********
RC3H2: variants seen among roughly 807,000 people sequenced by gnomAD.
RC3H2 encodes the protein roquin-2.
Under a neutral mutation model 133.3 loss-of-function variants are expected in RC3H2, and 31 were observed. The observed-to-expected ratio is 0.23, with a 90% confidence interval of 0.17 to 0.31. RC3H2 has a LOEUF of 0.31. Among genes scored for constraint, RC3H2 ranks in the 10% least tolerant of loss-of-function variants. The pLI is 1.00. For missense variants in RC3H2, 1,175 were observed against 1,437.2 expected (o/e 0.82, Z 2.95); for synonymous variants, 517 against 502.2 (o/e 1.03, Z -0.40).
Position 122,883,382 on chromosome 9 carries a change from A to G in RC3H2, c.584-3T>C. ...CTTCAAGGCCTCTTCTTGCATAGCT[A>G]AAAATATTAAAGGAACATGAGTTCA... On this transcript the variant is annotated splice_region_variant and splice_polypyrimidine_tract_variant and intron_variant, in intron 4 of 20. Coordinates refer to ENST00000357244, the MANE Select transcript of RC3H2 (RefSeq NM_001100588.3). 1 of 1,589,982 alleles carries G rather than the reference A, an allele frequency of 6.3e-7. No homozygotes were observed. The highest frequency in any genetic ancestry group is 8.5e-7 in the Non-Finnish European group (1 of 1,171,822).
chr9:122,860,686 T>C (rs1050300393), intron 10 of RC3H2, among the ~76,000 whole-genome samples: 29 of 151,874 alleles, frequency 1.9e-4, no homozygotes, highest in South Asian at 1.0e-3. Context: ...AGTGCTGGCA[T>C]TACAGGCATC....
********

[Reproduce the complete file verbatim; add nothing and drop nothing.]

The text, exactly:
RC3H2: variants seen among roughly 807,000 people sequenced by gnomAD.
RC3H2 encodes the protein roquin-2.
Under a neutral mutation model 133.3 loss-of-function variants are expected in RC3H2, and 31 were observed. The observed-to-expected ratio is 0.23, with a 90% confidence interval of 0.17 to 0.31. RC3H2 has a LOEUF of 0.31. Among genes scored for constraint, RC3H2 ranks in the 10% least tolerant of loss-of-function variants. The pLI is 1.00. For missense variants in RC3H2, 1,175 were observed against 1,437.2 expected (o/e 0.82, Z 2.95); for synonymous variants, 517 against 502.2 (o/e 1.03, Z -0.40).
Position 122,883,382 on chromosome 9 carries a change from A to G in RC3H2, c.584-3T>C. ...CTTCAAGGCCTCTTCTTGCATAGCT[A>G]AAAATATTAAAGGAACATGAGTTCA... On this transcript the variant is annotated splice_region_variant and splice_polypyrimidine_tract_variant and intron_variant, in intron 4 of 20. Coordinates refer to ENST00000357244, the MANE Select transcript of RC3H2 (RefSeq NM_001100588.3). 1 of 1,589,982 alleles carries G rather than the reference A, an allele frequency of 6.3e-7. No homozygotes were observed. The highest frequency in any genetic ancestry group is 8.5e-7 in the Non-Finnish European group (1 of 1,171,822).
chr9:122,860,686 T>C (rs1050300393), intron 10 of RC3H2, among the ~76,000 whole-genome samples: 29 of 151,874 alleles, frequency 1.9e-4, no homozygotes, highest in South Asian at 1.0e-3. Context: ...AGTGCTGGCA[T>C]TACAGGCATC....